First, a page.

“USDA Whole Pork Shoulder Picnic 99c lb.”
“RITE AID Pharmacy, with us it’s personal.”
“H. Brickman & Sons.”
“Sweet Yams 59c lb."
Wurtz appears courtesy of Metro Pictures, New York.
December 15 - January 20, 2014
Organized by John Nixon, Joshua Petherick and Matt Hinkley.
at Minerva, Sydney (curated by Joshua Petherick and Matt Hinkley)
November 15 - December 20, 2014
Lewis Fidock, HR Giger, Piero Gilardi, Veit Laurent Kurz,
Cinzia Ruggeri, Michael E. Smith, Lucie Stahl, Daniel Weil, Wols
“...It contained seven objects. The slender fluted bone, surely formed for flight, surely from the wing of some large bird. Three archaic circuitboards, faced with mazes of gold. A smooth white sphere of baked clay. An age-blackened fragment of lace. A fingerlength segment of what she assumed was bone from a human wrist, grayish white, inset smoothly with the silicon shaft of a small instrument that must once have ridden flush with the surface of the skin - but the thing’s face was seared and blackened.”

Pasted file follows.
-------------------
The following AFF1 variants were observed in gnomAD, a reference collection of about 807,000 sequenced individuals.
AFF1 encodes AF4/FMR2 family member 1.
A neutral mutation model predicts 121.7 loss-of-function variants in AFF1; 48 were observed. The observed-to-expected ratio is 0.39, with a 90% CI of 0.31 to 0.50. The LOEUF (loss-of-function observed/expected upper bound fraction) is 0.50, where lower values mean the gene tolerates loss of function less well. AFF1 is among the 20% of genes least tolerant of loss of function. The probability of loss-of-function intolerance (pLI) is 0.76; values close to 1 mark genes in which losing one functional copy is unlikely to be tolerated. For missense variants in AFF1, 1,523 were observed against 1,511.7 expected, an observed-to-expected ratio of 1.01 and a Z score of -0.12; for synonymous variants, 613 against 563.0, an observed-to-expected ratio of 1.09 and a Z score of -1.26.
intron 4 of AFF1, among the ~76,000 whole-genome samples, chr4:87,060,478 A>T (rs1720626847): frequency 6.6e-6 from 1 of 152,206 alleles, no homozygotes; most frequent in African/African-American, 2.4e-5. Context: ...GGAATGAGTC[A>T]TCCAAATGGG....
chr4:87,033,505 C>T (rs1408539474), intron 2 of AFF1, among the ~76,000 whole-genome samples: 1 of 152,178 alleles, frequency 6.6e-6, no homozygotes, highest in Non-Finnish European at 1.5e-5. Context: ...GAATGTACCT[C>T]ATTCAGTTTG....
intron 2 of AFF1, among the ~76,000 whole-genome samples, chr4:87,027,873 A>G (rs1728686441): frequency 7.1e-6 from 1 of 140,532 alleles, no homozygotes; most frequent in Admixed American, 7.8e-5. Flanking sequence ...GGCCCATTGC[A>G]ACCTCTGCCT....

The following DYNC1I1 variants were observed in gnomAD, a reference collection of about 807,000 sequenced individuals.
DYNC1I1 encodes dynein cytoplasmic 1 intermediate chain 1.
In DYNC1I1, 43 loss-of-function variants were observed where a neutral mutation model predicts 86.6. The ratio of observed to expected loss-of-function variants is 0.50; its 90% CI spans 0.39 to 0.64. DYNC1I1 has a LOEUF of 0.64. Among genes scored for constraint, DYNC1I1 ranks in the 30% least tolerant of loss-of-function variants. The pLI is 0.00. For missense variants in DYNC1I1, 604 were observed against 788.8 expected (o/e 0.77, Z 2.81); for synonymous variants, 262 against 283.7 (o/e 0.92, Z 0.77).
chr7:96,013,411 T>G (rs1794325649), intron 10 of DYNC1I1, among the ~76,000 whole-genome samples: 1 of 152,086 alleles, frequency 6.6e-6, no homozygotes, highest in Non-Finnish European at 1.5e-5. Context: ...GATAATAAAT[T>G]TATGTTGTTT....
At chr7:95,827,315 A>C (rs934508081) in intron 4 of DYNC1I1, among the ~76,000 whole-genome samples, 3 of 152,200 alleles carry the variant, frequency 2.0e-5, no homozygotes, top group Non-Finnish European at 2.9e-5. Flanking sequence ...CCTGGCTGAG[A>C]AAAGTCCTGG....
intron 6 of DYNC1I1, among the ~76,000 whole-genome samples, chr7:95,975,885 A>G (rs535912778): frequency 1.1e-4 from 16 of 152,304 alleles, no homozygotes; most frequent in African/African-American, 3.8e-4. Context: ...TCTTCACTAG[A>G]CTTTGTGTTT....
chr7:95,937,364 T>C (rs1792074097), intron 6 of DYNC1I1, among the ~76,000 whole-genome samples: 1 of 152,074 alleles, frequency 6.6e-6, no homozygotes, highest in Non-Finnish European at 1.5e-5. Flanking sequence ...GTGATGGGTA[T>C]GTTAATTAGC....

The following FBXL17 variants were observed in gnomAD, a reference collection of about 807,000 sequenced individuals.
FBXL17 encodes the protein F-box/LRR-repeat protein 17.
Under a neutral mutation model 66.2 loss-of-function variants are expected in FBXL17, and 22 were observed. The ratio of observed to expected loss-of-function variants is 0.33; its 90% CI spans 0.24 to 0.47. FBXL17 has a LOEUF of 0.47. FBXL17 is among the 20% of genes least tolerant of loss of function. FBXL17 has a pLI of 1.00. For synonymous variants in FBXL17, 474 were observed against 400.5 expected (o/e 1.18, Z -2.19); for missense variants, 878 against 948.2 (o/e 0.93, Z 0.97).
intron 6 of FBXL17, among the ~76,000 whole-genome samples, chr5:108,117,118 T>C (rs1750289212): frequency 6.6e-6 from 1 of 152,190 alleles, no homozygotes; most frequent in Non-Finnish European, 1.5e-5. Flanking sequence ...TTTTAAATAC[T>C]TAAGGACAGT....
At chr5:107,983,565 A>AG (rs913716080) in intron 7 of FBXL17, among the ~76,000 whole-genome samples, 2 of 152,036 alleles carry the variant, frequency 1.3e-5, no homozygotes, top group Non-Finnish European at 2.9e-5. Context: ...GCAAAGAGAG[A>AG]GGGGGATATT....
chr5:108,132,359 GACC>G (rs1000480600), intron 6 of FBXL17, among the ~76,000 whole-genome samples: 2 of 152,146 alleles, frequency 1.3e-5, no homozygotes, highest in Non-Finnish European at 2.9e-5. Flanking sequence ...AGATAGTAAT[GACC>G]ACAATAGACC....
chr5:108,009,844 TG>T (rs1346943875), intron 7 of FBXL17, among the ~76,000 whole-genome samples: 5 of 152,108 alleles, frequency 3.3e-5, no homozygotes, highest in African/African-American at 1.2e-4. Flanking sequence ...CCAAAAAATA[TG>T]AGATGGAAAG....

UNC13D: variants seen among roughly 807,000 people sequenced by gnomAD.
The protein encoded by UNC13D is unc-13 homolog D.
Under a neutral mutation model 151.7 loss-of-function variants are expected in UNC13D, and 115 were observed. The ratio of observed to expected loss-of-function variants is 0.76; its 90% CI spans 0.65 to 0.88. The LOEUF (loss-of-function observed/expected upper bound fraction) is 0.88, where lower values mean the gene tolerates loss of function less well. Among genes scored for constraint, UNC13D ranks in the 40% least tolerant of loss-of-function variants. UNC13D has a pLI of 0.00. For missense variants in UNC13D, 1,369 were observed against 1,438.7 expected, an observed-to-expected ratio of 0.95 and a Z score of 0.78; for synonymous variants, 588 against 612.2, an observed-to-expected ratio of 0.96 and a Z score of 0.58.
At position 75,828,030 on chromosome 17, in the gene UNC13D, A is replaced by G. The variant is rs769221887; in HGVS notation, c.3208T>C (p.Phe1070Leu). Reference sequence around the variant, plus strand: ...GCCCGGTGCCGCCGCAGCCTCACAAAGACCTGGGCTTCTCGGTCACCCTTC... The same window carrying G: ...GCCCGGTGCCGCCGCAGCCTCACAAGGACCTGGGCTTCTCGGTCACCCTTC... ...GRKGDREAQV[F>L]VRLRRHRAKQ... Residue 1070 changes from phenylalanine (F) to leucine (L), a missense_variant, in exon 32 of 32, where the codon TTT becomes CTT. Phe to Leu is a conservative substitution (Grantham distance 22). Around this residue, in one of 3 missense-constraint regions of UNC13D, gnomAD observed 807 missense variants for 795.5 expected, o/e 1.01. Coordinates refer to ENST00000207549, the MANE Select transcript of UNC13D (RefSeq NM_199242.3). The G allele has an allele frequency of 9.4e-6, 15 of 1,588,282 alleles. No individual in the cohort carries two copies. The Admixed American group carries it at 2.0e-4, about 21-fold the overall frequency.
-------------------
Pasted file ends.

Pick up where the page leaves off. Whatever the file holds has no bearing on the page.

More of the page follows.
William Gibson, “Count Zero”, 1986
"Autumn Projects Archive"
Curated by Liza Vasiliou
March 6 - March 15, 2014
presented by CENTRE FOR STYLE
November 14, 2013
"Hey Blinky, you say chic, I say same"
and a Very Special Thank you to Audrey Thomas Hayes for her shoe collaboration.
Janet Burchill & Jennifer McCamley
May 10 - June 8, 2013
During shop open hours videos played every hour, on the hour.
1993, French / Japanese
Softcover (French folds), 128 pages, 23 x 29 cm
1st edition, Out of print title / used*,
Published by Tokyo Station Gallery / Tokyo